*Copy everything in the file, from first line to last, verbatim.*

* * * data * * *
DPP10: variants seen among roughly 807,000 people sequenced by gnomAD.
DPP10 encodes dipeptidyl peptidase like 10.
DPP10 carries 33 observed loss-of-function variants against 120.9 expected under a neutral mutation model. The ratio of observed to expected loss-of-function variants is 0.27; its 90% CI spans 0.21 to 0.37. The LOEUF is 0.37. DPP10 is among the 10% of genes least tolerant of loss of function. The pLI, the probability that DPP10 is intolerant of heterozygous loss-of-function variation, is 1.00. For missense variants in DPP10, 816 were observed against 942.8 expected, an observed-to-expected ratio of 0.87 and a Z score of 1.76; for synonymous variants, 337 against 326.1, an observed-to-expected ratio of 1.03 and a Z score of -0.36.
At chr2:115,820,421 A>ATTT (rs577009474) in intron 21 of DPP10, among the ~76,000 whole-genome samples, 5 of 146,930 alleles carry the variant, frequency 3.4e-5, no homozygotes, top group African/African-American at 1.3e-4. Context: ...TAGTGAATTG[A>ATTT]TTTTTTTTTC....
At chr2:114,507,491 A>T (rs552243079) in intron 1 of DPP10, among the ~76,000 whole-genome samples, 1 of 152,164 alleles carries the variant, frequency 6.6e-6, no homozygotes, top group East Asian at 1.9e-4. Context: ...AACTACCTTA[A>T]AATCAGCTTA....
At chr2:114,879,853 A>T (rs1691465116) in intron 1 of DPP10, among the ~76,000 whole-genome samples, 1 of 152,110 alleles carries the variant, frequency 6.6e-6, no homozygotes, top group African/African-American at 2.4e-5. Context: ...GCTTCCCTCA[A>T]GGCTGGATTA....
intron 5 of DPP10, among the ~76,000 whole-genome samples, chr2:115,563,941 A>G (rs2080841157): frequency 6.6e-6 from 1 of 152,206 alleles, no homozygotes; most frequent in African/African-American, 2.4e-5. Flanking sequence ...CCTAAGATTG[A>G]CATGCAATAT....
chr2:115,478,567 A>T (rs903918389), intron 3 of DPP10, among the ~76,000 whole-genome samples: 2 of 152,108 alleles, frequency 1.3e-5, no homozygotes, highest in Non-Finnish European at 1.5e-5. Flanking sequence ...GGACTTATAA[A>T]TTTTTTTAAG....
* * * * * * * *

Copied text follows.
DPP10: variants seen among roughly 807,000 people sequenced by gnomAD.
DPP10 encodes dipeptidyl peptidase like 10.
DPP10 carries 33 observed loss-of-function variants against 120.9 expected under a neutral mutation model. The ratio of observed to expected loss-of-function variants is 0.27; its 90% CI spans 0.21 to 0.37. The LOEUF is 0.37. DPP10 is among the 10% of genes least tolerant of loss of function. The pLI, the probability that DPP10 is intolerant of heterozygous loss-of-function variation, is 1.00. For missense variants in DPP10, 816 were observed against 942.8 expected, an observed-to-expected ratio of 0.87 and a Z score of 1.76; for synonymous variants, 337 against 326.1, an observed-to-expected ratio of 1.03 and a Z score of -0.36.
At chr2:115,820,421 A>ATTT (rs577009474) in intron 21 of DPP10, among the ~76,000 whole-genome samples, 5 of 146,930 alleles carry the variant, frequency 3.4e-5, no homozygotes, top group African/African-American at 1.3e-4. Context: ...TAGTGAATTG[A>ATTT]TTTTTTTTTC....
At chr2:114,507,491 A>T (rs552243079) in intron 1 of DPP10, among the ~76,000 whole-genome samples, 1 of 152,164 alleles carries the variant, frequency 6.6e-6, no homozygotes, top group East Asian at 1.9e-4. Context: ...AACTACCTTA[A>T]AATCAGCTTA....
At chr2:114,879,853 A>T (rs1691465116) in intron 1 of DPP10, among the ~76,000 whole-genome samples, 1 of 152,110 alleles carries the variant, frequency 6.6e-6, no homozygotes, top group African/African-American at 2.4e-5. Context: ...GCTTCCCTCA[A>T]GGCTGGATTA....
intron 5 of DPP10, among the ~76,000 whole-genome samples, chr2:115,563,941 A>G (rs2080841157): frequency 6.6e-6 from 1 of 152,206 alleles, no homozygotes; most frequent in African/African-American, 2.4e-5. Flanking sequence ...CCTAAGATTG[A>G]CATGCAATAT....
chr2:115,478,567 A>T (rs903918389), intron 3 of DPP10, among the ~76,000 whole-genome samples: 2 of 152,108 alleles, frequency 1.3e-5, no homozygotes, highest in Non-Finnish European at 1.5e-5. Flanking sequence ...GGACTTATAA[A>T]TTTTTTTAAG....